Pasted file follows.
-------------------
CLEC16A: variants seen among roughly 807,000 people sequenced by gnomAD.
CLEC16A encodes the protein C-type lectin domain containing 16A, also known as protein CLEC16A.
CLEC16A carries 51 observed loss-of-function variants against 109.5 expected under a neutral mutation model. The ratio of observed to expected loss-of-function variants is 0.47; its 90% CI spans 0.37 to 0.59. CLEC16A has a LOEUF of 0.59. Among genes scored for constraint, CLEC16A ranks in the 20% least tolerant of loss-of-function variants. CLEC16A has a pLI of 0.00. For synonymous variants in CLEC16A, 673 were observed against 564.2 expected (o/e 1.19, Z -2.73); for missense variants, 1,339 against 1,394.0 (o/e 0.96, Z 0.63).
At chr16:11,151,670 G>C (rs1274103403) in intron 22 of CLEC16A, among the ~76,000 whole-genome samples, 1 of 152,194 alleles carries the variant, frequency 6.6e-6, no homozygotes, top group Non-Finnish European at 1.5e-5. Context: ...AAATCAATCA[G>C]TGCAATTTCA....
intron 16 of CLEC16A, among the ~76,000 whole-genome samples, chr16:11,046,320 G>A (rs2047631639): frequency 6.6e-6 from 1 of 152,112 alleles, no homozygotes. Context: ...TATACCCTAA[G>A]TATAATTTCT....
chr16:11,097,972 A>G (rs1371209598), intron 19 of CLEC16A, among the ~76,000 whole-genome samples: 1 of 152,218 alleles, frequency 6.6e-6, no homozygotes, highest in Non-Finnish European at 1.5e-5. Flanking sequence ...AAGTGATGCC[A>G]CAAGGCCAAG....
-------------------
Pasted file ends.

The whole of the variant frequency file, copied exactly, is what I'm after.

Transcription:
CLEC16A: variants seen among roughly 807,000 people sequenced by gnomAD.
CLEC16A encodes the protein C-type lectin domain containing 16A, also known as protein CLEC16A.
CLEC16A carries 51 observed loss-of-function variants against 109.5 expected under a neutral mutation model. The ratio of observed to expected loss-of-function variants is 0.47; its 90% CI spans 0.37 to 0.59. CLEC16A has a LOEUF of 0.59. Among genes scored for constraint, CLEC16A ranks in the 20% least tolerant of loss-of-function variants. CLEC16A has a pLI of 0.00. For synonymous variants in CLEC16A, 673 were observed against 564.2 expected (o/e 1.19, Z -2.73); for missense variants, 1,339 against 1,394.0 (o/e 0.96, Z 0.63).
At chr16:11,151,670 G>C (rs1274103403) in intron 22 of CLEC16A, among the ~76,000 whole-genome samples, 1 of 152,194 alleles carries the variant, frequency 6.6e-6, no homozygotes, top group Non-Finnish European at 1.5e-5. Context: ...AAATCAATCA[G>C]TGCAATTTCA....
intron 16 of CLEC16A, among the ~76,000 whole-genome samples, chr16:11,046,320 G>A (rs2047631639): frequency 6.6e-6 from 1 of 152,112 alleles, no homozygotes. Context: ...TATACCCTAA[G>A]TATAATTTCT....
chr16:11,097,972 A>G (rs1371209598), intron 19 of CLEC16A, among the ~76,000 whole-genome samples: 1 of 152,218 alleles, frequency 6.6e-6, no homozygotes, highest in Non-Finnish European at 1.5e-5. Flanking sequence ...AAGTGATGCC[A>G]CAAGGCCAAG....